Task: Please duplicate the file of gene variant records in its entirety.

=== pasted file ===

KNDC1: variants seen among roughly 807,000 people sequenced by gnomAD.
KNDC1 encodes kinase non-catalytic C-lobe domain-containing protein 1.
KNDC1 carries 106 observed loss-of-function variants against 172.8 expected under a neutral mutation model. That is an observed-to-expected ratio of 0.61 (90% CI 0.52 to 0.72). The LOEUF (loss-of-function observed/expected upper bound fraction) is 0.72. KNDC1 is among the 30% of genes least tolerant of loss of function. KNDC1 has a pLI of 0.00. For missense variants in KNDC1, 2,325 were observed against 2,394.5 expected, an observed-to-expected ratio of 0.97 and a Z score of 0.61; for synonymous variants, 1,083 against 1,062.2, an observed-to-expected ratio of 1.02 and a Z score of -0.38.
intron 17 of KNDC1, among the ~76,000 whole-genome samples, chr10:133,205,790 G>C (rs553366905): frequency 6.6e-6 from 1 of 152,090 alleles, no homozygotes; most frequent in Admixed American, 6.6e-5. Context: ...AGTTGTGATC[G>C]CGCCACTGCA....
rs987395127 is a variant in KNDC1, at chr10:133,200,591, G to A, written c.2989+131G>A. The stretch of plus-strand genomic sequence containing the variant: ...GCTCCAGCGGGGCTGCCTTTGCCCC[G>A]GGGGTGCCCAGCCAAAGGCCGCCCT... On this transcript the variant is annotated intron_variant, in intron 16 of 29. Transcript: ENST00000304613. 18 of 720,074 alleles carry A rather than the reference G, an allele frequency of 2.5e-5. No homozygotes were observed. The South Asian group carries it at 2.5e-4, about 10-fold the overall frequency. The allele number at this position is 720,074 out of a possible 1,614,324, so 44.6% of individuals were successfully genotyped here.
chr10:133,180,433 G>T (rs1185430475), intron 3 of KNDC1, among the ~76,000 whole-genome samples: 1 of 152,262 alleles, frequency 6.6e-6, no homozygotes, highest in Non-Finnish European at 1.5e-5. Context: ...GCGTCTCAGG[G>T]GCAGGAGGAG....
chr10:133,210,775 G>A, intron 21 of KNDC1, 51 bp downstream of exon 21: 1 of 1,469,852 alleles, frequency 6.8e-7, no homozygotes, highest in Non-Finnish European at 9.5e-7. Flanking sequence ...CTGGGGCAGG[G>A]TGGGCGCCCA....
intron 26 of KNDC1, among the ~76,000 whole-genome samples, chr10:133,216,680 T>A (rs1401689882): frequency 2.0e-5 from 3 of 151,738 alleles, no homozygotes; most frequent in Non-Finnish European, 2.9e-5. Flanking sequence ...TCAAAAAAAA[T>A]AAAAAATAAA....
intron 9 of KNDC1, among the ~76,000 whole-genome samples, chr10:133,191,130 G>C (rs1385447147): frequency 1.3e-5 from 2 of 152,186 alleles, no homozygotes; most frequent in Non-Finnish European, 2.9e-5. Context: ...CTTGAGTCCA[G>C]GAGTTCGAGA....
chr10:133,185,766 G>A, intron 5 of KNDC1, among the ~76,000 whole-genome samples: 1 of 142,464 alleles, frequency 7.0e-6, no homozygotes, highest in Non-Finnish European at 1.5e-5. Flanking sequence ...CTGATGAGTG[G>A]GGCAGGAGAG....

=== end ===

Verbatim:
KNDC1: variants seen among roughly 807,000 people sequenced by gnomAD.
KNDC1 encodes kinase non-catalytic C-lobe domain-containing protein 1.
KNDC1 carries 106 observed loss-of-function variants against 172.8 expected under a neutral mutation model. That is an observed-to-expected ratio of 0.61 (90% CI 0.52 to 0.72). The LOEUF (loss-of-function observed/expected upper bound fraction) is 0.72. KNDC1 is among the 30% of genes least tolerant of loss of function. KNDC1 has a pLI of 0.00. For missense variants in KNDC1, 2,325 were observed against 2,394.5 expected, an observed-to-expected ratio of 0.97 and a Z score of 0.61; for synonymous variants, 1,083 against 1,062.2, an observed-to-expected ratio of 1.02 and a Z score of -0.38.
intron 17 of KNDC1, among the ~76,000 whole-genome samples, chr10:133,205,790 G>C (rs553366905): frequency 6.6e-6 from 1 of 152,090 alleles, no homozygotes; most frequent in Admixed American, 6.6e-5. Context: ...AGTTGTGATC[G>C]CGCCACTGCA....
rs987395127 is a variant in KNDC1, at chr10:133,200,591, G to A, written c.2989+131G>A. The stretch of plus-strand genomic sequence containing the variant: ...GCTCCAGCGGGGCTGCCTTTGCCCC[G>A]GGGGTGCCCAGCCAAAGGCCGCCCT... On this transcript the variant is annotated intron_variant, in intron 16 of 29. Transcript: ENST00000304613. 18 of 720,074 alleles carry A rather than the reference G, an allele frequency of 2.5e-5. No homozygotes were observed. The South Asian group carries it at 2.5e-4, about 10-fold the overall frequency. The allele number at this position is 720,074 out of a possible 1,614,324, so 44.6% of individuals were successfully genotyped here.
chr10:133,180,433 G>T (rs1185430475), intron 3 of KNDC1, among the ~76,000 whole-genome samples: 1 of 152,262 alleles, frequency 6.6e-6, no homozygotes, highest in Non-Finnish European at 1.5e-5. Context: ...GCGTCTCAGG[G>T]GCAGGAGGAG....
chr10:133,210,775 G>A, intron 21 of KNDC1, 51 bp downstream of exon 21: 1 of 1,469,852 alleles, frequency 6.8e-7, no homozygotes, highest in Non-Finnish European at 9.5e-7. Flanking sequence ...CTGGGGCAGG[G>A]TGGGCGCCCA....
intron 26 of KNDC1, among the ~76,000 whole-genome samples, chr10:133,216,680 T>A (rs1401689882): frequency 2.0e-5 from 3 of 151,738 alleles, no homozygotes; most frequent in Non-Finnish European, 2.9e-5. Flanking sequence ...TCAAAAAAAA[T>A]AAAAAATAAA....
intron 9 of KNDC1, among the ~76,000 whole-genome samples, chr10:133,191,130 G>C (rs1385447147): frequency 1.3e-5 from 2 of 152,186 alleles, no homozygotes; most frequent in Non-Finnish European, 2.9e-5. Context: ...CTTGAGTCCA[G>C]GAGTTCGAGA....
chr10:133,185,766 G>A, intron 5 of KNDC1, among the ~76,000 whole-genome samples: 1 of 142,464 alleles, frequency 7.0e-6, no homozygotes, highest in Non-Finnish European at 1.5e-5. Flanking sequence ...CTGATGAGTG[G>A]GGCAGGAGAG....